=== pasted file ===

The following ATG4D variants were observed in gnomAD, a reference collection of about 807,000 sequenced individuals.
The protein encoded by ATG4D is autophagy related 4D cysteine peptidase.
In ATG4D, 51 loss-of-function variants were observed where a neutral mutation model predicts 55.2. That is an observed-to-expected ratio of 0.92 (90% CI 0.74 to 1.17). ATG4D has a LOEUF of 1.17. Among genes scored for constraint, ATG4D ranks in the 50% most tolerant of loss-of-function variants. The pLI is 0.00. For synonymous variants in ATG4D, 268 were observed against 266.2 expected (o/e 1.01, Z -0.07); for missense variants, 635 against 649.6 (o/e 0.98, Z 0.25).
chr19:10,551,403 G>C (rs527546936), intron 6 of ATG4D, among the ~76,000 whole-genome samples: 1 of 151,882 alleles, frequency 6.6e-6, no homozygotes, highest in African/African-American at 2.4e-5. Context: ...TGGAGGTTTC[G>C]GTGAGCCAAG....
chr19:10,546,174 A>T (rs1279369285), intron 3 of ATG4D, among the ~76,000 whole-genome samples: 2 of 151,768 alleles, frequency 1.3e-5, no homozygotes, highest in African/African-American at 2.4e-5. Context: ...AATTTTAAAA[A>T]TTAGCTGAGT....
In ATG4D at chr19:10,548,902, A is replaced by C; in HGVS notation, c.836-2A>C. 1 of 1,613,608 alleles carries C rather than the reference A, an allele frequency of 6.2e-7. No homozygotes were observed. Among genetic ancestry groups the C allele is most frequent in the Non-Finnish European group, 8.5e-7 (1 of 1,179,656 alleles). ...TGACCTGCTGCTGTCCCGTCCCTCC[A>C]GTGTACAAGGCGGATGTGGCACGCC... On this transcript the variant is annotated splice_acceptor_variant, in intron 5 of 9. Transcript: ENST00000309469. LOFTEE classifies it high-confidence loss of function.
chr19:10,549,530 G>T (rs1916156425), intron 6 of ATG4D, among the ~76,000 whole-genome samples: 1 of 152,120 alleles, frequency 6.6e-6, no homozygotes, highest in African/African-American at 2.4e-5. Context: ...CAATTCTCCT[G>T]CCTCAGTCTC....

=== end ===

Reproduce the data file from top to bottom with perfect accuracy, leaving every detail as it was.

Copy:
The following ATG4D variants were observed in gnomAD, a reference collection of about 807,000 sequenced individuals.
The protein encoded by ATG4D is autophagy related 4D cysteine peptidase.
In ATG4D, 51 loss-of-function variants were observed where a neutral mutation model predicts 55.2. That is an observed-to-expected ratio of 0.92 (90% CI 0.74 to 1.17). ATG4D has a LOEUF of 1.17. Among genes scored for constraint, ATG4D ranks in the 50% most tolerant of loss-of-function variants. The pLI is 0.00. For synonymous variants in ATG4D, 268 were observed against 266.2 expected (o/e 1.01, Z -0.07); for missense variants, 635 against 649.6 (o/e 0.98, Z 0.25).
chr19:10,551,403 G>C (rs527546936), intron 6 of ATG4D, among the ~76,000 whole-genome samples: 1 of 151,882 alleles, frequency 6.6e-6, no homozygotes, highest in African/African-American at 2.4e-5. Context: ...TGGAGGTTTC[G>C]GTGAGCCAAG....
chr19:10,546,174 A>T (rs1279369285), intron 3 of ATG4D, among the ~76,000 whole-genome samples: 2 of 151,768 alleles, frequency 1.3e-5, no homozygotes, highest in African/African-American at 2.4e-5. Context: ...AATTTTAAAA[A>T]TTAGCTGAGT....
In ATG4D at chr19:10,548,902, A is replaced by C; in HGVS notation, c.836-2A>C. 1 of 1,613,608 alleles carries C rather than the reference A, an allele frequency of 6.2e-7. No homozygotes were observed. Among genetic ancestry groups the C allele is most frequent in the Non-Finnish European group, 8.5e-7 (1 of 1,179,656 alleles). ...TGACCTGCTGCTGTCCCGTCCCTCC[A>C]GTGTACAAGGCGGATGTGGCACGCC... On this transcript the variant is annotated splice_acceptor_variant, in intron 5 of 9. Transcript: ENST00000309469. LOFTEE classifies it high-confidence loss of function.
chr19:10,549,530 G>T (rs1916156425), intron 6 of ATG4D, among the ~76,000 whole-genome samples: 1 of 152,120 alleles, frequency 6.6e-6, no homozygotes, highest in African/African-American at 2.4e-5. Context: ...CAATTCTCCT[G>T]CCTCAGTCTC....